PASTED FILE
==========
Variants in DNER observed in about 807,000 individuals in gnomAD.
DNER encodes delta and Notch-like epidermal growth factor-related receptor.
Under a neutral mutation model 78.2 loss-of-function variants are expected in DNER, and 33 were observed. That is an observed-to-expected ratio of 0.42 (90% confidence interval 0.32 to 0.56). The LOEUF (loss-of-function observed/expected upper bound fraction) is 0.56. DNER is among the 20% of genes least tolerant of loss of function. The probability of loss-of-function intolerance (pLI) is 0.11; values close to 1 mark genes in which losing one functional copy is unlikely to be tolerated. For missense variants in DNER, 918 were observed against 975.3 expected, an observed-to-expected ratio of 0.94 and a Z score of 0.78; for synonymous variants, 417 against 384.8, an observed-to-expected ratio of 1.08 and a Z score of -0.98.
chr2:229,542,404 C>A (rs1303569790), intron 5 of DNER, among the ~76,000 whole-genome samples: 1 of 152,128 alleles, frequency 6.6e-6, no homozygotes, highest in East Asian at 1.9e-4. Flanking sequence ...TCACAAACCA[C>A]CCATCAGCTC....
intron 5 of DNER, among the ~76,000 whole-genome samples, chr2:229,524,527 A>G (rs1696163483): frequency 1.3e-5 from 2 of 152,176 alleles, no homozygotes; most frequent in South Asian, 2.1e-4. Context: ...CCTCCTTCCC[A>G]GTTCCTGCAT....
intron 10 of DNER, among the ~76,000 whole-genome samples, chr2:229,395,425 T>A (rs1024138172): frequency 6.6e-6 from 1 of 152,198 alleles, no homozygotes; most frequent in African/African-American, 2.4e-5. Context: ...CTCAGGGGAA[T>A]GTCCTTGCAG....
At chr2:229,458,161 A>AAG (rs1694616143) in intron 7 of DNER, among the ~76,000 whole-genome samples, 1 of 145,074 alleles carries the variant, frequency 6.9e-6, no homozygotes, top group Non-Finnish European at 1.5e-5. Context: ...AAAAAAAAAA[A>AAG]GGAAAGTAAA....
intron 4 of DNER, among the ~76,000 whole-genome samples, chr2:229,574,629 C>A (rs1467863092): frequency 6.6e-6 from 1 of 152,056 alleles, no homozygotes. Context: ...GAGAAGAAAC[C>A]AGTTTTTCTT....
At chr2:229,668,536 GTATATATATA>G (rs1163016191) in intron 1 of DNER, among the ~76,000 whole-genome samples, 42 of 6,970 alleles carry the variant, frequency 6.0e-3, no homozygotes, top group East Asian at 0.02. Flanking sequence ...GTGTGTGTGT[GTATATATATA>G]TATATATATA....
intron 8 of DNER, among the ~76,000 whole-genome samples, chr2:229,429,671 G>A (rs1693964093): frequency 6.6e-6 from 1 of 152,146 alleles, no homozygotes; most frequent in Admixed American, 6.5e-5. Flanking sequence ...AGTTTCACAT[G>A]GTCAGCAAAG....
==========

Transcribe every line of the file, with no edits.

Variants in DNER observed in about 807,000 individuals in gnomAD.
DNER encodes delta and Notch-like epidermal growth factor-related receptor.
Under a neutral mutation model 78.2 loss-of-function variants are expected in DNER, and 33 were observed. That is an observed-to-expected ratio of 0.42 (90% confidence interval 0.32 to 0.56). The LOEUF (loss-of-function observed/expected upper bound fraction) is 0.56. DNER is among the 20% of genes least tolerant of loss of function. The probability of loss-of-function intolerance (pLI) is 0.11; values close to 1 mark genes in which losing one functional copy is unlikely to be tolerated. For missense variants in DNER, 918 were observed against 975.3 expected, an observed-to-expected ratio of 0.94 and a Z score of 0.78; for synonymous variants, 417 against 384.8, an observed-to-expected ratio of 1.08 and a Z score of -0.98.
chr2:229,542,404 C>A (rs1303569790), intron 5 of DNER, among the ~76,000 whole-genome samples: 1 of 152,128 alleles, frequency 6.6e-6, no homozygotes, highest in East Asian at 1.9e-4. Flanking sequence ...TCACAAACCA[C>A]CCATCAGCTC....
intron 5 of DNER, among the ~76,000 whole-genome samples, chr2:229,524,527 A>G (rs1696163483): frequency 1.3e-5 from 2 of 152,176 alleles, no homozygotes; most frequent in South Asian, 2.1e-4. Context: ...CCTCCTTCCC[A>G]GTTCCTGCAT....
intron 10 of DNER, among the ~76,000 whole-genome samples, chr2:229,395,425 T>A (rs1024138172): frequency 6.6e-6 from 1 of 152,198 alleles, no homozygotes; most frequent in African/African-American, 2.4e-5. Context: ...CTCAGGGGAA[T>A]GTCCTTGCAG....
At chr2:229,458,161 A>AAG (rs1694616143) in intron 7 of DNER, among the ~76,000 whole-genome samples, 1 of 145,074 alleles carries the variant, frequency 6.9e-6, no homozygotes, top group Non-Finnish European at 1.5e-5. Context: ...AAAAAAAAAA[A>AAG]GGAAAGTAAA....
intron 4 of DNER, among the ~76,000 whole-genome samples, chr2:229,574,629 C>A (rs1467863092): frequency 6.6e-6 from 1 of 152,056 alleles, no homozygotes. Context: ...GAGAAGAAAC[C>A]AGTTTTTCTT....
At chr2:229,668,536 GTATATATATA>G (rs1163016191) in intron 1 of DNER, among the ~76,000 whole-genome samples, 42 of 6,970 alleles carry the variant, frequency 6.0e-3, no homozygotes, top group East Asian at 0.02. Flanking sequence ...GTGTGTGTGT[GTATATATATA>G]TATATATATA....
intron 8 of DNER, among the ~76,000 whole-genome samples, chr2:229,429,671 G>A (rs1693964093): frequency 6.6e-6 from 1 of 152,146 alleles, no homozygotes; most frequent in Admixed American, 6.5e-5. Flanking sequence ...AGTTTCACAT[G>A]GTCAGCAAAG....